The Ohio State University at Lima

Everybody wins when college students meet senior citizens

February 24, 2023

A student and an older adult talk on the phone

The COVID lockdowns are still affecting people’s emotional wellbeing and communication. This time in a more positive way.

Dr. Virginia Tompkins, associate professor of psychology at Ohio State Lima, developed the Senior-to-Senior Program as a class project her Adult Development and Aging course students could do from home. Meaningful learning had to continue even when face-to-face projects couldn’t. It is an added bonus that the college students were able to connect with a group who needed the contact.

“This project was developed at the start of the COVID-19 pandemic when many nursing home residents were extremely isolated from friends and family,” Tompkins said. “I wanted to find a way to connect with those residents with someone at a time when they may not have many opportunities for socialization outside of their homes.”

Since the project kicked off during the pandemic, students in both the Adult Development and Aging class and the Lifespan Development class have been paired with a nursing home resident or other senior in the community. The student and the senior talk each week about anything that interests them and the senior citizen’s life satisfaction, emotions and depressive symptoms are measured both before and after the study period.

Thanks to an Outreach and Engagement Grant from Ohio State, Tompkins was able to hire two student assistants, expand her recruitment of older adults across the state of Ohio and offer gift cards to the participants. The project has also expanded to classes that she is not teaching. In this case, Counseling Psychology and Introduction to Social Work. For spring semester 2023, 19 students and three campus volunteers are paired with a senior.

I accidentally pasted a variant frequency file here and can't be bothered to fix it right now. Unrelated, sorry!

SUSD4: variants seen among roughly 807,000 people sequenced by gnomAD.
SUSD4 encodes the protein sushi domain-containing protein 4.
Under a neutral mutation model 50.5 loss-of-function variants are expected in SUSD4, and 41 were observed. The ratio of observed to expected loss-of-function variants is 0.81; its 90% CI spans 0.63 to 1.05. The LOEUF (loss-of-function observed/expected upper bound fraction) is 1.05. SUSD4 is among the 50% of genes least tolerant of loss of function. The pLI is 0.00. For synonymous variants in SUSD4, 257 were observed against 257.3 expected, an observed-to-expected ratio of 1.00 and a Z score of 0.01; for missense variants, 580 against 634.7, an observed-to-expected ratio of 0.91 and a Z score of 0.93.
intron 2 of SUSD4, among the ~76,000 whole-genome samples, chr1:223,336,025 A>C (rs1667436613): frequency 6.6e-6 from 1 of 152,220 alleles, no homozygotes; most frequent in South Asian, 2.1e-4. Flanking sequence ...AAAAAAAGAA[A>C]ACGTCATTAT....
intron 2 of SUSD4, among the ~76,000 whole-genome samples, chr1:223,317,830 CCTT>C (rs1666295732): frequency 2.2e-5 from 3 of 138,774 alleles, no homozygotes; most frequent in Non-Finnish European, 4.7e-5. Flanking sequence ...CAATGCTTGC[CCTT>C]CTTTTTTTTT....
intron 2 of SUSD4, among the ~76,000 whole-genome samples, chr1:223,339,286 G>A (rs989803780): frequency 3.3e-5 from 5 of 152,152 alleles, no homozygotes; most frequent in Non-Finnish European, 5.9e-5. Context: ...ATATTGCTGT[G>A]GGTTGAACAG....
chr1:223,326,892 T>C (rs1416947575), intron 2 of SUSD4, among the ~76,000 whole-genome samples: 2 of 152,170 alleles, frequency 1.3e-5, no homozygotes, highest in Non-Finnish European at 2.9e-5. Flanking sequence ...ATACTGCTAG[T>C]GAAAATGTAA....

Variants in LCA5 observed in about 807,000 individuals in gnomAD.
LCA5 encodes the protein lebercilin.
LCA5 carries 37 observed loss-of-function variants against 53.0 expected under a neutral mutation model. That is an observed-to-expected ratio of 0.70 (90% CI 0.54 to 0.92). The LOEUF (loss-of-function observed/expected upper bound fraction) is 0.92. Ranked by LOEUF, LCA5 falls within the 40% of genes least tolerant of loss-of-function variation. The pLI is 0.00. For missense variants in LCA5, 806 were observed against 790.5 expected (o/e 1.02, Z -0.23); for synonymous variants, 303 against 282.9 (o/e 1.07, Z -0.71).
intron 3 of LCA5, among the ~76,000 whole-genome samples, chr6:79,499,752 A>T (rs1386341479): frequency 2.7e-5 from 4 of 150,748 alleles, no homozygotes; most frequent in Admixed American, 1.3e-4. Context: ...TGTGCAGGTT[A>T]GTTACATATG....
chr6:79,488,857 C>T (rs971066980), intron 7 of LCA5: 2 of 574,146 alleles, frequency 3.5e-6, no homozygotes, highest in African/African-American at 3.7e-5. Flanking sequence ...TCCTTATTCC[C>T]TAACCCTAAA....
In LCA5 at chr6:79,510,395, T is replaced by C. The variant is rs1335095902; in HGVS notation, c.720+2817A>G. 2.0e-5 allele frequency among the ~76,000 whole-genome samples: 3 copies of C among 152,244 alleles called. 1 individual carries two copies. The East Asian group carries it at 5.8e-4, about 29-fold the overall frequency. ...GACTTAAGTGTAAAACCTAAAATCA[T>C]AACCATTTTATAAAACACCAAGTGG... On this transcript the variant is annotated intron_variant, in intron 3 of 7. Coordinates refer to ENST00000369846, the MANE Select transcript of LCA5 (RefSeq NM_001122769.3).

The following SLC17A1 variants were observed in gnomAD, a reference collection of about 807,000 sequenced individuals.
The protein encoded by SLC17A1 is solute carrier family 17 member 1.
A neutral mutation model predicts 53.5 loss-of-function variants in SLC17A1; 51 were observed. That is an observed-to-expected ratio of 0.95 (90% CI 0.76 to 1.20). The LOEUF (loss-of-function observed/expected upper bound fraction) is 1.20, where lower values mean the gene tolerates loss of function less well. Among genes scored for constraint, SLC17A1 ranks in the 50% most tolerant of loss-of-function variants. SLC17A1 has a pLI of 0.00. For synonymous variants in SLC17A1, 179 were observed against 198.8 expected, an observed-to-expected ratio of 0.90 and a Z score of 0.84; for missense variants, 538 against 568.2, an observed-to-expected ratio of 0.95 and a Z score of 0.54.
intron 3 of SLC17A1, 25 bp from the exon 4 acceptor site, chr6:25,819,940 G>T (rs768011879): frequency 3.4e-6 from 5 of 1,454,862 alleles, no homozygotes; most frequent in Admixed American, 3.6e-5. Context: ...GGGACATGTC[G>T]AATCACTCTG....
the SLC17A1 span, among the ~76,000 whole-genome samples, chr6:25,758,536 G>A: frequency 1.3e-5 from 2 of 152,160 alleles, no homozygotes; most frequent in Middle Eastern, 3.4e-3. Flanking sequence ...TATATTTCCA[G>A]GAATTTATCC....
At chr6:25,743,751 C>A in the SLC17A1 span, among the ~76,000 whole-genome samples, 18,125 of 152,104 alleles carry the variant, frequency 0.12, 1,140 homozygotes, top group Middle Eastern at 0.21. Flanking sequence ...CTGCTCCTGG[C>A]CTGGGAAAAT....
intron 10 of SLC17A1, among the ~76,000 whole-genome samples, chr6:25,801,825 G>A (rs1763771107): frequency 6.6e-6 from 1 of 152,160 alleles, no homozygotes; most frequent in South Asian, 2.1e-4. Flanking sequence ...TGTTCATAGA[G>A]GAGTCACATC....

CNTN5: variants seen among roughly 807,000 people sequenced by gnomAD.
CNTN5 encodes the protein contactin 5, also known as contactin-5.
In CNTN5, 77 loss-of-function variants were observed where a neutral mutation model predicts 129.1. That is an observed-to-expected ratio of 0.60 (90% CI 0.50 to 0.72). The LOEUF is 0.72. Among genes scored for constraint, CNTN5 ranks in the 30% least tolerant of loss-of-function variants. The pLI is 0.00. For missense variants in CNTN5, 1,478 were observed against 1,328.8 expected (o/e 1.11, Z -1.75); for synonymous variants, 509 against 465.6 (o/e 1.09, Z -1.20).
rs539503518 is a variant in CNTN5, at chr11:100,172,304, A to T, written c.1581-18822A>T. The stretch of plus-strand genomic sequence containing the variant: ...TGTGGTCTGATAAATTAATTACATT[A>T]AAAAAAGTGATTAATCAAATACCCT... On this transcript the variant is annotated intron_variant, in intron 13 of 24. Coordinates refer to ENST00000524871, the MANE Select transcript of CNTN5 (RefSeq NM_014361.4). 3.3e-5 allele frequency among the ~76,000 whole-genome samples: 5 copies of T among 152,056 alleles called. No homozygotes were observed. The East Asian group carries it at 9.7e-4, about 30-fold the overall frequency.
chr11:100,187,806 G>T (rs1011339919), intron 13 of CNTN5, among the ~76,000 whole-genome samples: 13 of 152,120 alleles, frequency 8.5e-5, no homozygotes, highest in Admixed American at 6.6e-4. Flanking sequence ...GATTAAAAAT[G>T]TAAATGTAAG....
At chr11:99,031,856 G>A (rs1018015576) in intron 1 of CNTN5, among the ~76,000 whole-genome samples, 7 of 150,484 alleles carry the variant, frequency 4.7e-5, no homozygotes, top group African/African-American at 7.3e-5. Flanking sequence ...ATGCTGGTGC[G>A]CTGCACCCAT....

A preliminary look at the research data shows an overall positive change in the life of the senior from the start of the interaction to the end of project.

“Older adults become more satisfied with life, less lonely, and less depressed after the experience,” Tompkins said.

The other half of the senior-to-senior equation benefits from the project as well. Many who participate aspire to pursue careers in psychology, health-related fields and social work. Building skills as empathetic listeners is critical for them.

“Having the opportunity to work on the Senior to Senior project has been a great privilege. Oftentimes seniors offer me wonderful advice, leaving me wiser with each conversation,” said Leuviah Blakma, a junior in psychology. “This project will help me to navigate through life and to cherish each moment of it. More importantly, it will benefit society as a whole by allowing us to gain further insight on senior citizens, a grossly understudied population.”

Beyond that, they made friends across the generation span.

“The students have really seemed to enjoy the interaction. Many have formed strong connections with the seniors they call and have really enjoyed getting to know them.” Tompkins said.

While the research review is still in its preliminary stages, Tompkins has some takeaways we can all use in our own lives.

“Social connection is important at every stage of life, though older adults are sometimes overlooked or forgotten. We should treat all older adults as people, not ‘old’ people. They have expertise, interests, stories, memories, aspirations, and fears to share with us just as younger adults do. Get to know your older neighbors and check in on your loved ones and friends who are older. Ask them questions that go beyond the present. Many of the older adults I have called for this last cohort report simply being lonely and not having anyone to talk to, even if they are mostly content with this stage of life.”